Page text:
Farewell to Lórien
Shire Reckoning: February 16, 3019 (Solmath 16, 1420)
Pages to read:
– FR.FarewellToLorien “In the morning, as they were beginning to pack” (~p.3) – (end)
Music (all by The Tolkien Ensemble):
– Galadriel’s Song of Eldamar (I) (‘I sang of leaves, of leaves of gold…’)
– Galadriel’s Song of Eldamar (II) (‘Namárië…’)
– Galadriel’s Song of Eldamar (II), translated. (‘Farewell…’)
– In the morning, some elves help the Company pack up and give them some supplies for the road. The food is mostly lembas bread, a special elven bread that travels well. Gimli at first thinks it is the gross cram that Men make, but he is pleasantly surprised by the sweet taste. It is reported that “‘One [lembas cake] will keep a traveller on his feet for a day of long labour, even if he be one of the tall Men of Minas Tirith.’“
– After the food delivery, the elves also give a hood and cloak (made in the style of the Galadhrim) to each of the members. They appeared grey but shimmered with a green hue, and were fastened with a green leaf-shaped brooch. The elves suggest that while they have no inherent magic, the cloaks will be good for camouflage, especially from unfriendly eyes.
– After short morning march (just ten miles…), the Company comes out into a beautiful field where the Silverload river flows into the Anduin.
– At the edge of the river, they find three small grey boats loaded with supplies that they will ride on. Sam discovers some rope, calling back to weeks ago where he was distraught that he had forgotten to bring rope in his backpack.
– Aragorn, Frodo, and Sam took the first book, while Boromir, Merry, and Pippin took the second. Gimli and Legolas took the third boat, having become good friends by this point.
– The company takes the boats out for a test ride. Galadriel and Celeborn then arrive, riding in a majestic swan-shaped boat. Galadriel is singing a song (see first song above).
– Galadriel and Celeborn invite the Company to a farewell feast. Celeborn describes the path ahead. The Company is to take the River south to falls of Rauros, then either go west to Gondor (through Rohan), or east to Mordor (through the Emyn Muil).
– After the feast, Galadriel offers a toast to the Company and brings forth gifts for each of the members.
– For Aragorn: a fancy sheath for his sword, as well as a green gemstone. This was a gem that Galadriel passed to her daughter Celebrían, the mother of Arwen. (Yes, Galadriel is Elrond’s mother-in-law).
– For Boromir: a belt of gold. (The lamest of the gifts if you ask me)
– For Merry & Pippin: small silver belts. (Ditto)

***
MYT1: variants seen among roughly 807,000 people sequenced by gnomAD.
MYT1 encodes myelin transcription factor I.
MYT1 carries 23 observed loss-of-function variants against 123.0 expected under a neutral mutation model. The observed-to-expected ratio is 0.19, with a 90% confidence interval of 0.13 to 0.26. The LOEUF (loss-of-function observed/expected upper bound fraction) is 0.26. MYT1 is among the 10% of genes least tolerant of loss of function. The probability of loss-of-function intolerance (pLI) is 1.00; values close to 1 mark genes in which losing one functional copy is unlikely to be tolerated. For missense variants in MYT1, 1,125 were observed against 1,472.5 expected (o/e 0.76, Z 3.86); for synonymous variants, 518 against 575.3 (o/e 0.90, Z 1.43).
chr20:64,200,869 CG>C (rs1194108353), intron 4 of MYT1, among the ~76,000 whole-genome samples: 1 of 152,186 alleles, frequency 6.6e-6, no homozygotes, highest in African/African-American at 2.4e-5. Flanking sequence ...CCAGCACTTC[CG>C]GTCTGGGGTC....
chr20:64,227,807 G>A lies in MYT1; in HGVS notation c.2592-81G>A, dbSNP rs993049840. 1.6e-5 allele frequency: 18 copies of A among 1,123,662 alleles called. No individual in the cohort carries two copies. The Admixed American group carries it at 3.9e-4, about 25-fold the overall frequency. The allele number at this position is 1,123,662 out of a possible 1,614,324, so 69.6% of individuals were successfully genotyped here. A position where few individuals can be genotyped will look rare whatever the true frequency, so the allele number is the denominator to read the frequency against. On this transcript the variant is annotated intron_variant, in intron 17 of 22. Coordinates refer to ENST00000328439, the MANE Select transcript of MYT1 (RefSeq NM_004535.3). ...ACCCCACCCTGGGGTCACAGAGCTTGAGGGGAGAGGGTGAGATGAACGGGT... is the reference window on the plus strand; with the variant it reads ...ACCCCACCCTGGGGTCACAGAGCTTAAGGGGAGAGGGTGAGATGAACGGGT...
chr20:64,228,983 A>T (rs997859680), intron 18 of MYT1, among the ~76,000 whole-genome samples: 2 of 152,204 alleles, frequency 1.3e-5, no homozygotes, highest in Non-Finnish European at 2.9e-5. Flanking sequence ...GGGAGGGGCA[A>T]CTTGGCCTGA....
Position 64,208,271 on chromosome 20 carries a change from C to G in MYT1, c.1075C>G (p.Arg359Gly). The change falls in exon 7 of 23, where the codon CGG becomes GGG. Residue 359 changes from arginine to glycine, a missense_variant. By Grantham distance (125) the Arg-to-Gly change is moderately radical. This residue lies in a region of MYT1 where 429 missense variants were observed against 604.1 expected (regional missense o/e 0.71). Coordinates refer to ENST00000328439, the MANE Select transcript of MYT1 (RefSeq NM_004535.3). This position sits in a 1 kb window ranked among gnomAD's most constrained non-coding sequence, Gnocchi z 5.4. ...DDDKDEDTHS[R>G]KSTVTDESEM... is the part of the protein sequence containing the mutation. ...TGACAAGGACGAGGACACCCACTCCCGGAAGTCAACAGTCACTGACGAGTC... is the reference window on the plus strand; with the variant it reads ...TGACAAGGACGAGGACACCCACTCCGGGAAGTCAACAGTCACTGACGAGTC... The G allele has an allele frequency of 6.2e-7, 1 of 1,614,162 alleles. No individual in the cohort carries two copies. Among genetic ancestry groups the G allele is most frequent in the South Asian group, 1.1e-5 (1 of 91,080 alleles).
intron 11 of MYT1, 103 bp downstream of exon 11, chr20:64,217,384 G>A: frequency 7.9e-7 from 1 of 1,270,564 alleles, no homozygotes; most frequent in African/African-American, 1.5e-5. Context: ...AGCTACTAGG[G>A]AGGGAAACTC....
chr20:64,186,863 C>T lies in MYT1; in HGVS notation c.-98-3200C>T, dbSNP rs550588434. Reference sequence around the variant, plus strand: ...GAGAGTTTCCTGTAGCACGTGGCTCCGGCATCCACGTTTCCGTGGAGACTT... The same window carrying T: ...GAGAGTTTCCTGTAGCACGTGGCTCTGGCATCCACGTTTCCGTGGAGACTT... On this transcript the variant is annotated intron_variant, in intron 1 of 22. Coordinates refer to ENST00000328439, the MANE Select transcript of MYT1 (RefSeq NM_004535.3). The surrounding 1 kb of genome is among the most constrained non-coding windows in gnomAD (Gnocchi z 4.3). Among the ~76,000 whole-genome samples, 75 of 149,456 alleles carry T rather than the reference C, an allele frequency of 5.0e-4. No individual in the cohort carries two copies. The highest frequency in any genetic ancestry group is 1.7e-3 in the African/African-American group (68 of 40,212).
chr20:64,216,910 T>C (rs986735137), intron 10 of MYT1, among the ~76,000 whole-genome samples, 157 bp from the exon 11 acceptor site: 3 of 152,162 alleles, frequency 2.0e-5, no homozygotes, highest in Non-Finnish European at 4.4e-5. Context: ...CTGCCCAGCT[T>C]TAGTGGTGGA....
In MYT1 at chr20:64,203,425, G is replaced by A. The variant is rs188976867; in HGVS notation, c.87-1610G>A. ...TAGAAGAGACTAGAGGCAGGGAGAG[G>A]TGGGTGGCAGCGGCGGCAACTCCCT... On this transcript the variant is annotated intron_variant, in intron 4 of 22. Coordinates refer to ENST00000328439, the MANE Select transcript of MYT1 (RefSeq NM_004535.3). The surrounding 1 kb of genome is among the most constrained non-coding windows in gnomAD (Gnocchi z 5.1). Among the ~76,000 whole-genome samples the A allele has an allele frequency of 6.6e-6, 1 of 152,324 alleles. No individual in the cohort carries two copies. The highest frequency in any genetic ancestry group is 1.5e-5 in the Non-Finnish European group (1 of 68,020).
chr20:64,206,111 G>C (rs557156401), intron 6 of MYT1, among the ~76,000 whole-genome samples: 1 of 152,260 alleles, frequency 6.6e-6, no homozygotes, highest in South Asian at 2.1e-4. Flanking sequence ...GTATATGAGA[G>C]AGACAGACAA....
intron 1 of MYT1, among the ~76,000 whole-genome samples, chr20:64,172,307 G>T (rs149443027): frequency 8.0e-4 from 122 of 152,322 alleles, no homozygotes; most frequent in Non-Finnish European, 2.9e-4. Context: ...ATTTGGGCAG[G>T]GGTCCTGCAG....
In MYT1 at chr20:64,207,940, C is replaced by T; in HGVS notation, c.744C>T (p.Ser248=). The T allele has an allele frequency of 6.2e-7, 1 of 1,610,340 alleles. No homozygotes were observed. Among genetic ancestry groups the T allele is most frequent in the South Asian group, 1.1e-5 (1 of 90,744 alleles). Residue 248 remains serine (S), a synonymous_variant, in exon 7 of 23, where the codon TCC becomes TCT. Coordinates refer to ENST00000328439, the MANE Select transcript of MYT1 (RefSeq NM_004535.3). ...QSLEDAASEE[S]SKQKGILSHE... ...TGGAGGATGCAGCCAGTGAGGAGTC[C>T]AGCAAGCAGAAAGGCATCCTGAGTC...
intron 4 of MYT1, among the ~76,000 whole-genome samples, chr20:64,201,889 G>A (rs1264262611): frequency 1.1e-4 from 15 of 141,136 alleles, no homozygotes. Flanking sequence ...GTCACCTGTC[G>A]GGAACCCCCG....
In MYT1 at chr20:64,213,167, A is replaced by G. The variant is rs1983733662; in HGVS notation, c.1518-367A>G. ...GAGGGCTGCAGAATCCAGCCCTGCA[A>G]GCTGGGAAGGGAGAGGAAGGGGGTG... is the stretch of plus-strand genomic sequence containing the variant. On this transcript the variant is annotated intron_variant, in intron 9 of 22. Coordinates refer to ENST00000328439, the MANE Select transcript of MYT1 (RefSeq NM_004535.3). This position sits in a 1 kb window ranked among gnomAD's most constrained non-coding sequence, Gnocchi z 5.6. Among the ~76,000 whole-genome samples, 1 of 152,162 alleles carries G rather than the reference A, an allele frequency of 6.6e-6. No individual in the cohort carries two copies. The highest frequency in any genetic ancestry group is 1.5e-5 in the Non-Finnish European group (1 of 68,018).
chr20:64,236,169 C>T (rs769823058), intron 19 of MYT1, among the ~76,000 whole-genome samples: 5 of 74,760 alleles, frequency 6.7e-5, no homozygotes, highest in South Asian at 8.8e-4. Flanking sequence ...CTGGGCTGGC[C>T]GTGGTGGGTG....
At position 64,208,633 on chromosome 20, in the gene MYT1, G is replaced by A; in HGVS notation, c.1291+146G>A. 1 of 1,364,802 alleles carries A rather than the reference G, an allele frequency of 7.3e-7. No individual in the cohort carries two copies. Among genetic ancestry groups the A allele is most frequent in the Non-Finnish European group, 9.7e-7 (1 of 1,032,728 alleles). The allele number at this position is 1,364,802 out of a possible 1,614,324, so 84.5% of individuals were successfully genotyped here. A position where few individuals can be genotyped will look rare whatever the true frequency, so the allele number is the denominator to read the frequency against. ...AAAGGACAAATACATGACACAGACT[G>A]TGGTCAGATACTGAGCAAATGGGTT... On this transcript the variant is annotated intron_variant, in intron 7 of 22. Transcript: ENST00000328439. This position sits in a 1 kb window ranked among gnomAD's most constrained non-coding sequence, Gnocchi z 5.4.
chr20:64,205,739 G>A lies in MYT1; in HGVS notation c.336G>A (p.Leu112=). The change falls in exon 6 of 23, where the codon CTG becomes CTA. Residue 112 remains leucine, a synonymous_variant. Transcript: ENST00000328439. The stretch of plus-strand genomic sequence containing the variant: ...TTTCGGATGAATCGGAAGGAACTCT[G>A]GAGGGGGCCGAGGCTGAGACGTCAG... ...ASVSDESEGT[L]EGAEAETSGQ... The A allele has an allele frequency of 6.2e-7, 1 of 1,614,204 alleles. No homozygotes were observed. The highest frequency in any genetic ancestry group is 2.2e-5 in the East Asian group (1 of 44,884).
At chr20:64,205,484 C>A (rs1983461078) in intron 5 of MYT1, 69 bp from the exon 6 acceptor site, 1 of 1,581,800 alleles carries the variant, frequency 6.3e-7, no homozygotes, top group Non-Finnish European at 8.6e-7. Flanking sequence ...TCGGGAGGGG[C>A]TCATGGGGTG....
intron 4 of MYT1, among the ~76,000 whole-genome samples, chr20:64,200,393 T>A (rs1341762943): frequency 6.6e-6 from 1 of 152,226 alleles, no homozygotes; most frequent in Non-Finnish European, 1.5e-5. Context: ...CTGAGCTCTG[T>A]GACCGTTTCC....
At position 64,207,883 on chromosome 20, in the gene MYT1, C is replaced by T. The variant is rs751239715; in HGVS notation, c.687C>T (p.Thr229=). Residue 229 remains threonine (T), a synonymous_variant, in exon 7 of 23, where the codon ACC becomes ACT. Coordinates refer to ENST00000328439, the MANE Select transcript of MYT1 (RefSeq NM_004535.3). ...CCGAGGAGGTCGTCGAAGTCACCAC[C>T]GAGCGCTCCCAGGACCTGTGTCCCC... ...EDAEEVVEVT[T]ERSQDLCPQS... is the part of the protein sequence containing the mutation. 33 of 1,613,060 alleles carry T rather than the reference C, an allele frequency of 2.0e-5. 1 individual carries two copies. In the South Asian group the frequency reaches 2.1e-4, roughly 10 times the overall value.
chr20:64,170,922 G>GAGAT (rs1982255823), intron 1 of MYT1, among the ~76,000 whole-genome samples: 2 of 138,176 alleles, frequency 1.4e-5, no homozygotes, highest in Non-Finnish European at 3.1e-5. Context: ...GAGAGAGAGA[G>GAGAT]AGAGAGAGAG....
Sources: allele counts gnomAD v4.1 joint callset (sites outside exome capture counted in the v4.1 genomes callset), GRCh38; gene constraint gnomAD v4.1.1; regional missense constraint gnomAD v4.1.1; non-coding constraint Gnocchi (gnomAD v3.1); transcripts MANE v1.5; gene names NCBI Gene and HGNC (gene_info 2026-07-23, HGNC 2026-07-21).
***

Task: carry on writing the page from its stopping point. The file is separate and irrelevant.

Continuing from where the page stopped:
– For Legolas: a long bow and a quiver of arrows. (Fitting, I suppose.)
– For Sam: a small box containing soil from Lórien. (The idea being he can make a garden flourish even if he finds the Shire laid to waste like in his vision.)
– For Gimli: three strands of her hair. (She asks him what he wants, as she is unsure what a dwarf could want from an elf-queen. He praises her highly and humbly asks for a strand of hair to treasure and remember her by. The elves are astonished and she cuts off three for him. Obviously the most memorable of the gifts.)
– For Frodo: a phial containing water from her fountain and the light of Ëardendil’s star. (Spoiler but… the most plot-impactful of the gifts.)
– After the gift-giving, the Company takes their places in the boats and ready for departure. As they slip into the river and start floating away from Lórien, Galadriel sings a final song in farewell. (See songs above.)
– Suddenly the Company rounds a bend and Lórien vanishes. Tolkien notes that Frodo would never return.
– Gimli is greatly saddened by the departure from the beautiful Lórien and Galadriel in particular. Legolas tries to comfort him.
– The Company continues down the river for the rest of the day and into the night. Bare, silent woods line the banks, and the weather is cold and dreary (it is, in fact, winter). Frodo eventually falls into an uneasy sleep.
– Of all the implausible things in LOTR to call out, lembas is a fan favorite. It really is quite impressive that a small cake could have enough calories to sustain a full day’s march and still taste quite delicious.
– The cloaks gifted to the Company here of course made excellent costume designs in the PJ movies, with the leaf-brooch being one of the more memorable props if you ask me.
– The Anduin (the Great River) is one of the biggest and most important parts of the geography of Middle Earth. It’s on pretty much every map, so make sure you have a rough idea of its course.
– The division of the company members between boats makes a lot of sense in context for Aragorn/Frodo/Sam and Gimli/Legolas. As for Boromir/Merry/Pippin they’re sort of just the leftovers here, and I think this is partially the inspiration for trying to play up their friendship in the PJ movie (which was done very well in my opinion).
– Galadriel’s first song is actually super important for her character, even though it’s not really touched on in the story. It pretty much spells out her motivations and regrets.
– Hidden in this chapter is a really interesting line about the eventual fate of Elves. Tolkien compares the way Frodo sees Galadriel to how men of later days see Elves from time to time: “present and yet remote, a living vision of that which has already been left far behind by the flowing streams of Time.” This shows that Elves didn’t completely leave Middle Earth for a long time, but became shadows of themselves in some sense.